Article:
Anthony Donnell Johnson, 38, maintenance superintendent

June 12, 1996|By Robert Hilson Jr. | Robert Hilson Jr.,SUN STAFF

Anthony Donnell Johnson seldom went straight home from work. Instead, he would walk through his native Cherry Hill, lugging his carpenter's tool bag, looking to help residents with their home repair projects. Or doing the repairs himself.

And if anyone needed help with a leaky faucet or a faulty furnace, he'd gladly pitch in. Payment wasn't necessary, though some people did pay him.

"That's just the way he was," said his mother, Alice Marie Fulton of Baltimore. "He was always trying to help people with what he did best -- fixing things -- and he was real good at that."

Mr. Johnson, 38, known as "Donny," died Sunday of kidney failure at his East Baltimore apartment. He had been ill, but not seriously, and had attended a relative's graduation Friday, according to relatives.

Mr. Johnson was a popular figure in South Baltimore's Cherry Hill neighborhood, especially near LaRue Square where, Gladys Spellman said, he routinely stopped by her house asking what needed to be repaired.

"And he never accepted a penny," said Mrs. Spellman, a longtime Cherry Hill resident. "The most he ever took as payment was a Dr Pepper. He'd fix doors, windows, my vacuum cleaner, my stove, whatever. Sometimes he'd spend a couple of hours in here after he got off of work and not mind one bit.

"It takes quite a young man to take that kind of interest in the community and its people."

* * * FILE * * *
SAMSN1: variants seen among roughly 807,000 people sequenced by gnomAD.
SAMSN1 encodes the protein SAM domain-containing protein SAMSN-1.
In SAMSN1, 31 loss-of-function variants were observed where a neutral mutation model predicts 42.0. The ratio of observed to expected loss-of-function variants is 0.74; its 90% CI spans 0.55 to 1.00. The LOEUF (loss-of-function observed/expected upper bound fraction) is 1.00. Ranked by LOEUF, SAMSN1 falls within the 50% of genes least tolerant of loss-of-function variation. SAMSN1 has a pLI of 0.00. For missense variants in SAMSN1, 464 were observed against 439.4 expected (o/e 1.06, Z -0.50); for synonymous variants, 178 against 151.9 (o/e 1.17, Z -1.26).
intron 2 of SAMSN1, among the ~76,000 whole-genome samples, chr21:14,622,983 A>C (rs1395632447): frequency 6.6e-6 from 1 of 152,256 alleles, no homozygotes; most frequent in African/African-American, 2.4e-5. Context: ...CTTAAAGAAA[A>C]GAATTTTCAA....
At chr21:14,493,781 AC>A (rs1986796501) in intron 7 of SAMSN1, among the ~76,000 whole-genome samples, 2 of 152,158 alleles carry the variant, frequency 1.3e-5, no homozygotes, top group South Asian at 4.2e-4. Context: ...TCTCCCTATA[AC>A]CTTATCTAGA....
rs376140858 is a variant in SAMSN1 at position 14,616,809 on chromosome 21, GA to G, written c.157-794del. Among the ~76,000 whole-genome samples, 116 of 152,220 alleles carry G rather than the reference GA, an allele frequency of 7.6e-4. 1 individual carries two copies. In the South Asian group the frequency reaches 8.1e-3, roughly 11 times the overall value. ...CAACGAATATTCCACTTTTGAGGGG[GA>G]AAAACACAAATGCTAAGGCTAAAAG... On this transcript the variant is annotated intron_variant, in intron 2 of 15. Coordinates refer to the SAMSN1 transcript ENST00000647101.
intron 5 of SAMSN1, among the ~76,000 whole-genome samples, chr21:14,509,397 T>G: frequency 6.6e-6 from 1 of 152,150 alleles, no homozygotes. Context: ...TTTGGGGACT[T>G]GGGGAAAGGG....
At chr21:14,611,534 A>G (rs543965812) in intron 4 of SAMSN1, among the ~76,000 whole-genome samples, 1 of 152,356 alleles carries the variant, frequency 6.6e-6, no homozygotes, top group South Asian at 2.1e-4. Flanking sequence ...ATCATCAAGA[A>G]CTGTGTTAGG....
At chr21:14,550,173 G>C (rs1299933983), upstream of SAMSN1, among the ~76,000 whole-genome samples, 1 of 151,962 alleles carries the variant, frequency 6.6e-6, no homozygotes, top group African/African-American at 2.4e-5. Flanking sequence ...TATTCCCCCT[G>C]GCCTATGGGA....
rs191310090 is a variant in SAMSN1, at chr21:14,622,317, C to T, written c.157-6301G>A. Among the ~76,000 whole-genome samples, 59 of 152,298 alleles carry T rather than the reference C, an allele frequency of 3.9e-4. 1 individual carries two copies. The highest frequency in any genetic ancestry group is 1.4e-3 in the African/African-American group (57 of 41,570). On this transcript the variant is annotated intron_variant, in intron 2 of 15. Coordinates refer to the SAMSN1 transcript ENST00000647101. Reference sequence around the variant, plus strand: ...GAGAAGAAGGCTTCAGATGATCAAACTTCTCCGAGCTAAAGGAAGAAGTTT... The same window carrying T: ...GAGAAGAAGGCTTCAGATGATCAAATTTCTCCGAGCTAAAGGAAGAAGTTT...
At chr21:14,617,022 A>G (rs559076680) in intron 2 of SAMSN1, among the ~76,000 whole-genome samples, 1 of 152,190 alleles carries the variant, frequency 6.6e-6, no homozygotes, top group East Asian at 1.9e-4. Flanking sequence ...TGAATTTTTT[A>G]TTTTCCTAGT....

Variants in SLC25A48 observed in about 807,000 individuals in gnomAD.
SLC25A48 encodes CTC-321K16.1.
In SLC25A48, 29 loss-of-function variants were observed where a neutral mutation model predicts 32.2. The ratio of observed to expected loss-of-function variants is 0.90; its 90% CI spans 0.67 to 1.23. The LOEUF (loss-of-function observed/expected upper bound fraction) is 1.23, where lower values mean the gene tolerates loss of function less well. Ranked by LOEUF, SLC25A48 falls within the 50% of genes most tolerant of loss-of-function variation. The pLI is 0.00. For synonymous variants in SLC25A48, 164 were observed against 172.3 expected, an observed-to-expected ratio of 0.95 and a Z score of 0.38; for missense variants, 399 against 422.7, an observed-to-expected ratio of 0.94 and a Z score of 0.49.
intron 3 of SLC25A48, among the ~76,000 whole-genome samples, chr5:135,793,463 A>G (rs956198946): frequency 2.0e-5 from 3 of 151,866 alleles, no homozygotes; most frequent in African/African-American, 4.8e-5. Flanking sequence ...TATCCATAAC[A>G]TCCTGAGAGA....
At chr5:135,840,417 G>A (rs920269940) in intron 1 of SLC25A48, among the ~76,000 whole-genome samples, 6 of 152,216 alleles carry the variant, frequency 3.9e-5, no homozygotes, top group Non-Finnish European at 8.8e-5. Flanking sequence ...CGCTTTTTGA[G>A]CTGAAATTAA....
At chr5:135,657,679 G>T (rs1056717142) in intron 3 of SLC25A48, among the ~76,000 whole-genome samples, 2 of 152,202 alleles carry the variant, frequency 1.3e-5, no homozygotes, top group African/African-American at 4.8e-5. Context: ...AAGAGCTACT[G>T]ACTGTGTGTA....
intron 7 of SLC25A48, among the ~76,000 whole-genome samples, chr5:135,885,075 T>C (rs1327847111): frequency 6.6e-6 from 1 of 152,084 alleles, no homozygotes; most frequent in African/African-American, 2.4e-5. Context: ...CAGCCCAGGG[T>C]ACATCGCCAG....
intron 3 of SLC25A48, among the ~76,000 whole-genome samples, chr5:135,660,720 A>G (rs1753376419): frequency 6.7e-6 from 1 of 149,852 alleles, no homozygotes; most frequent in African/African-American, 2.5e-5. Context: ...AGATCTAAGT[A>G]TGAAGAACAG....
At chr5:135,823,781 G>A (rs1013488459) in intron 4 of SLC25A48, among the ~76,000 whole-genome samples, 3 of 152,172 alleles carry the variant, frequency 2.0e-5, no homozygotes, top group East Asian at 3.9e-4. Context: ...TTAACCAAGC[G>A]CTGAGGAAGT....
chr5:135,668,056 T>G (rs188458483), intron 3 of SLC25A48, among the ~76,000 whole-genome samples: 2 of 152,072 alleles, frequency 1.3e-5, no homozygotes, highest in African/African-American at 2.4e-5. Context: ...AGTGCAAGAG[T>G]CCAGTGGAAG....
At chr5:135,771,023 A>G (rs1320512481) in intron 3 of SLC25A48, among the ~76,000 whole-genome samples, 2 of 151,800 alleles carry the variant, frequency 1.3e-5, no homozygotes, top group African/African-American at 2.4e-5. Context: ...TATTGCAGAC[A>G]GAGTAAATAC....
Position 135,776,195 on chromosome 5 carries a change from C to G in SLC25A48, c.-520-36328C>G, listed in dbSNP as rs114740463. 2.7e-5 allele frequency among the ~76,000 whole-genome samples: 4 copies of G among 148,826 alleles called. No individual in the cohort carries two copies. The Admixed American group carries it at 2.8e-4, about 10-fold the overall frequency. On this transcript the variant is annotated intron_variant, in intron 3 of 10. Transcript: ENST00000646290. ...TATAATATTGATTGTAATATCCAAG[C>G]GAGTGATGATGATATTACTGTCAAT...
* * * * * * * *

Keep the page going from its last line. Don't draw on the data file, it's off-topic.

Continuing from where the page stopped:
Mr. Johnson graduated from Dunbar High School in 1976 and attended what now is Baltimore City Community College for a year. He worked for City Wide Management as a maintenance superintendent and for a contracting company. He retired in 1991 and moved from Cherry Hill to Apostolic Towers, an East Baltimore nursing home, because of health problems.

While living at the nursing home, he developed and conducted an exercise class for senior citizens, said Maxine Hobbs, manager of the apartment building.

"Donny's outgoing and friendly personality won the love of all who knew him," said the Rev. K. C. Wilks, his uncle and pastor of First John Tabernacle Baptist Church, 2101 N. Ellamont St. "He was a very hard worker and always willing to do whatever he could for anyone who asked."

Mr. Johnson enjoyed reading about black history and writing poetry.

Funeral services will be held at 11 a.m. tomorrow at First John Tabernacle Baptist Church.

In addition to his mother, he is survived by his father, Thomas Fulton; and two brothers, Gary Johnson and Timothy Johnson. All are of Baltimore.

Pub date: 6/12/96

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